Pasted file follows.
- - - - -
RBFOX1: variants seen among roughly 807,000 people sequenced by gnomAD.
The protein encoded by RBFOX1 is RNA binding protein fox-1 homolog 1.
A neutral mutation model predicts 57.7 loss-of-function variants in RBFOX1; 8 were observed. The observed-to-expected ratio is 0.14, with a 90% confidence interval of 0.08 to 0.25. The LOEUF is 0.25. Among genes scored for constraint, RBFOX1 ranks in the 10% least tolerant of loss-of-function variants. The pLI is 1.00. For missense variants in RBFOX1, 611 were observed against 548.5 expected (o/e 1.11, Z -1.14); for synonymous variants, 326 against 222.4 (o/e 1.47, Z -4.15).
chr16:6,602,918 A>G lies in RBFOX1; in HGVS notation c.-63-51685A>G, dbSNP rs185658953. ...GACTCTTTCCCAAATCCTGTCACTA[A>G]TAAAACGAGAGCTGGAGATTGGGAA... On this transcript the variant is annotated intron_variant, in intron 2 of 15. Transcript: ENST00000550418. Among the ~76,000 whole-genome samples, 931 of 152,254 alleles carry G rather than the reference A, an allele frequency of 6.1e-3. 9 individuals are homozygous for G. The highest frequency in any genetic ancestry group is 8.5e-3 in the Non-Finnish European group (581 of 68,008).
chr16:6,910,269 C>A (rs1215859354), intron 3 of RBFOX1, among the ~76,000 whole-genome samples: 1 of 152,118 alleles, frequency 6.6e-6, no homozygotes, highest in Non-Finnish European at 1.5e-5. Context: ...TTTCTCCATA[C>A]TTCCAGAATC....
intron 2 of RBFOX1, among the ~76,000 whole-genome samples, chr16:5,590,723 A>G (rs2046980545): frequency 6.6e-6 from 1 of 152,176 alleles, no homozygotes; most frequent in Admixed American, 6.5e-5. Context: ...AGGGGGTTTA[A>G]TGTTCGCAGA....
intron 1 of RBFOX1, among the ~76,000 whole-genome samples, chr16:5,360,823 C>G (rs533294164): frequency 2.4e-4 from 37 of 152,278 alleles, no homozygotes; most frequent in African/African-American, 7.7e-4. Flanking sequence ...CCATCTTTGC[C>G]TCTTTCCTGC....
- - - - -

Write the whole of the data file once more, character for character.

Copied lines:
RBFOX1: variants seen among roughly 807,000 people sequenced by gnomAD.
The protein encoded by RBFOX1 is RNA binding protein fox-1 homolog 1.
A neutral mutation model predicts 57.7 loss-of-function variants in RBFOX1; 8 were observed. The observed-to-expected ratio is 0.14, with a 90% confidence interval of 0.08 to 0.25. The LOEUF is 0.25. Among genes scored for constraint, RBFOX1 ranks in the 10% least tolerant of loss-of-function variants. The pLI is 1.00. For missense variants in RBFOX1, 611 were observed against 548.5 expected (o/e 1.11, Z -1.14); for synonymous variants, 326 against 222.4 (o/e 1.47, Z -4.15).
chr16:6,602,918 A>G lies in RBFOX1; in HGVS notation c.-63-51685A>G, dbSNP rs185658953. ...GACTCTTTCCCAAATCCTGTCACTA[A>G]TAAAACGAGAGCTGGAGATTGGGAA... On this transcript the variant is annotated intron_variant, in intron 2 of 15. Transcript: ENST00000550418. Among the ~76,000 whole-genome samples, 931 of 152,254 alleles carry G rather than the reference A, an allele frequency of 6.1e-3. 9 individuals are homozygous for G. The highest frequency in any genetic ancestry group is 8.5e-3 in the Non-Finnish European group (581 of 68,008).
chr16:6,910,269 C>A (rs1215859354), intron 3 of RBFOX1, among the ~76,000 whole-genome samples: 1 of 152,118 alleles, frequency 6.6e-6, no homozygotes, highest in Non-Finnish European at 1.5e-5. Context: ...TTTCTCCATA[C>A]TTCCAGAATC....
intron 2 of RBFOX1, among the ~76,000 whole-genome samples, chr16:5,590,723 A>G (rs2046980545): frequency 6.6e-6 from 1 of 152,176 alleles, no homozygotes; most frequent in Admixed American, 6.5e-5. Context: ...AGGGGGTTTA[A>G]TGTTCGCAGA....
intron 1 of RBFOX1, among the ~76,000 whole-genome samples, chr16:5,360,823 C>G (rs533294164): frequency 2.4e-4 from 37 of 152,278 alleles, no homozygotes; most frequent in African/African-American, 7.7e-4. Flanking sequence ...CCATCTTTGC[C>G]TCTTTCCTGC....